Milk snakes (Lampropeltis triangulum) are one of the most widespread species of snake in the Americas. These snakes are a common sight over much of the continents.
These animals frequently mimic venomous snakes that share their habitat, so you may be wondering:
What happens if you are bitten by a milk snake?
As a general rule, milk snake bites are harmless to humans, they have small teeth and are not venomous. If you are bitten, you just need to keep the wound clean and sanitized.
About Milk Snakes
Milk snakes are part of the Lampropeltis genus.
This is the genus that contains kingsnakes. Milk snakes have 25 subspecies that all live in different habitats with different appearances. These snakes can be found from Canada all the way down to Venezuela.
Many of these snakes have a banded appearance that mimics the coral snake. The Eastern milk snake has blotches that mimic the look of the timber rattlesnake that shares a range with them.
These snakes will also rattle their tails to further mimic a rattlesnake. While they do rely on mimicking dangerous snakes to evade predators, these animals are harmless to humans.
Milk snakes have no fangs or venom.
Milk snakes have very small teeth even as adults. They rely on constriction to subdue prey. These snakes rarely bite in the wild. They will typically attempt to flee from predators.
They will also produce a foul-smelling musk to chase off anything that wants to eat it. These snakes will flatten out their head, hiss, and strike to drive off predators as well.
This includes humans. Bites are rare from wild snakes unless you attempt to handle the animal. These snakes are harmless to humans. They are far more at risk from humans.
This is partly because of myths that claim they are a danger to livestock or that they are venomous. However, these animals are actually great to have around since they keep down the rodent population.
Everything you need to know about caring for Milk Snakes in captivity:
Read our Milk Snake Care Sheet (Complete Guide)
Milk snakes make great pets. This is because they are docile as adults and tolerate handling well. Younger snakes and frightened snakes can bite. Learning snake body language and how to handle them can prevent bites.
If you want to get your snake used to handling from a young age, you need to handle them at least once a week. You should make sure your snake is awake.
Look for movement and tongue-flicking. If your snake is asleep, leave it be. If the snake is awake, make sure it can see you and approach from the side of the snake.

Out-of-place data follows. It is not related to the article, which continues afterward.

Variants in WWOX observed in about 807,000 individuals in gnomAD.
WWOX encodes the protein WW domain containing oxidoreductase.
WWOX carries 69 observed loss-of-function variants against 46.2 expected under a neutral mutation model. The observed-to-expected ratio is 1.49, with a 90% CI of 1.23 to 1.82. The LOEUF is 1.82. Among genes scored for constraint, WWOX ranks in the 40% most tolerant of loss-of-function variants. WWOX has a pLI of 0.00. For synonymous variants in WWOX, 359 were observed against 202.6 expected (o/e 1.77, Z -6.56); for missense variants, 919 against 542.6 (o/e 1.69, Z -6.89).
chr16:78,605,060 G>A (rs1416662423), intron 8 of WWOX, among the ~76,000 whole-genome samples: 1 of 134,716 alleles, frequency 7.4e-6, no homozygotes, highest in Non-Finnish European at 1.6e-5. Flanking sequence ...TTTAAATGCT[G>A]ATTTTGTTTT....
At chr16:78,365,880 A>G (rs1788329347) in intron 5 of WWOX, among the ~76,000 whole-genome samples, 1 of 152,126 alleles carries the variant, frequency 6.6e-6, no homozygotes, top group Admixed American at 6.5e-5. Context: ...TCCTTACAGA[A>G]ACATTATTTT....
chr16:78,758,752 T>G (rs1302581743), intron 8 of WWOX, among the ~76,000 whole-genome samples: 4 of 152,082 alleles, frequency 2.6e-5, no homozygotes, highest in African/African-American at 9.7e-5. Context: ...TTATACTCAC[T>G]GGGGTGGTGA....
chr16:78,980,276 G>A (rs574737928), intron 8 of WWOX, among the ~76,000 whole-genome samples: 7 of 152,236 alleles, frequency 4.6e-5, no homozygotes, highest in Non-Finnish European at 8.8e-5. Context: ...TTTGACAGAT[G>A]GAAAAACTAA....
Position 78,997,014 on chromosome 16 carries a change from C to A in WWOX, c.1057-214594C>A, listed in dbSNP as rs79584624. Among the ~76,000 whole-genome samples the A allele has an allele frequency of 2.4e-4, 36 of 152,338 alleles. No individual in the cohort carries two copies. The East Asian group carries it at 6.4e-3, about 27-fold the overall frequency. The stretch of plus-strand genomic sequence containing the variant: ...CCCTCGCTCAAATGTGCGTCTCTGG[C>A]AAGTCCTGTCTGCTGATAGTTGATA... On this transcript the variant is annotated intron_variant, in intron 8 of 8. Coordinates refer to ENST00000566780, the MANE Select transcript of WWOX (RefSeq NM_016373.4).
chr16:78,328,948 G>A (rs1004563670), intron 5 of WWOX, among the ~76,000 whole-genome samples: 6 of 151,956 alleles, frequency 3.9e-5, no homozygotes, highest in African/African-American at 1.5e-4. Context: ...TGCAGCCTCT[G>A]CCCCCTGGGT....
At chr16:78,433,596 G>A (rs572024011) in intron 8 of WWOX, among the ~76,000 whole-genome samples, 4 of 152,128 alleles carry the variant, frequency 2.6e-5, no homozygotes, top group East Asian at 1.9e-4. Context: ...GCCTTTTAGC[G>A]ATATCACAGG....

Watch for signs of defensive behavior like retreating, hissing, and striking. If the snake is doing this, it may be best to leave the snake alone.
When your snake isn’t stressed, you can carefully lift it by placing your hand under the middle of its body and take it out. Make sure you support the snake so it doesn’t feel like it will fall. Don’t restrain or squeeze your snake. Allow it to calm down and keep gently handling it for about 5 minutes.
Once it is calm, you can replace the snake in the enclosure. If your snake is too flighty, you may need to take extra time to tame it by getting it used to you. You should get it used to your scent and your hand moving things in the enclosure before moving up to touching it.
Be patient and earn your snake’s trust. Once you have it, bites are unlikely unless the snake is ill or injured.
How to Care for a Snakebite
If your snake does bite you, make sure you don’t panic and pull away. This will hurt both you and the snake. A milk snake has very small teeth and most subspecies would have trouble drawing blood on a human. If you pull away, you will have a worse scratch. You can also break the snake’s jaw or even kill it.
Bites from a small species like milk snakes tend to hurt less than a cat scratch or bee sting. If you are bitten, stay calm and put the snake down as soon as it releases you.
Since they are not venomous, you will not need medical attention most likely.
If it was a wild snake, a check-up is a good idea since you may have misidentified the snake. As far as wound care, you will just need to clean and disinfect the injury. You may not even require a bandage, since these snakes rarely break the skin.
One thing to note is that a feeding bite may be worse than a defensive bite. Defensive bites are just to drive you off. A mistaken feeding response means the snake may hang on and keep chewing on you. T
his can happen if you have the smell of food on you like rodents or even other snakes. Ill or irritated snakes may also bite. Snakes that are shedding are also more irritable.
Keep an eye on your snake’s mood and avoid handling it if it seems distressed. If you notice changes such as flushing or the snake seems lethargic, you may need to take your snake to the vet.
Milk snakes are not dangerous to humans. They have small teeth and are not venomous. If you are bitten, you just need to keep the wound clean and sanitized. If you have any tips for handling snakes or questions, be sure to leave a comment.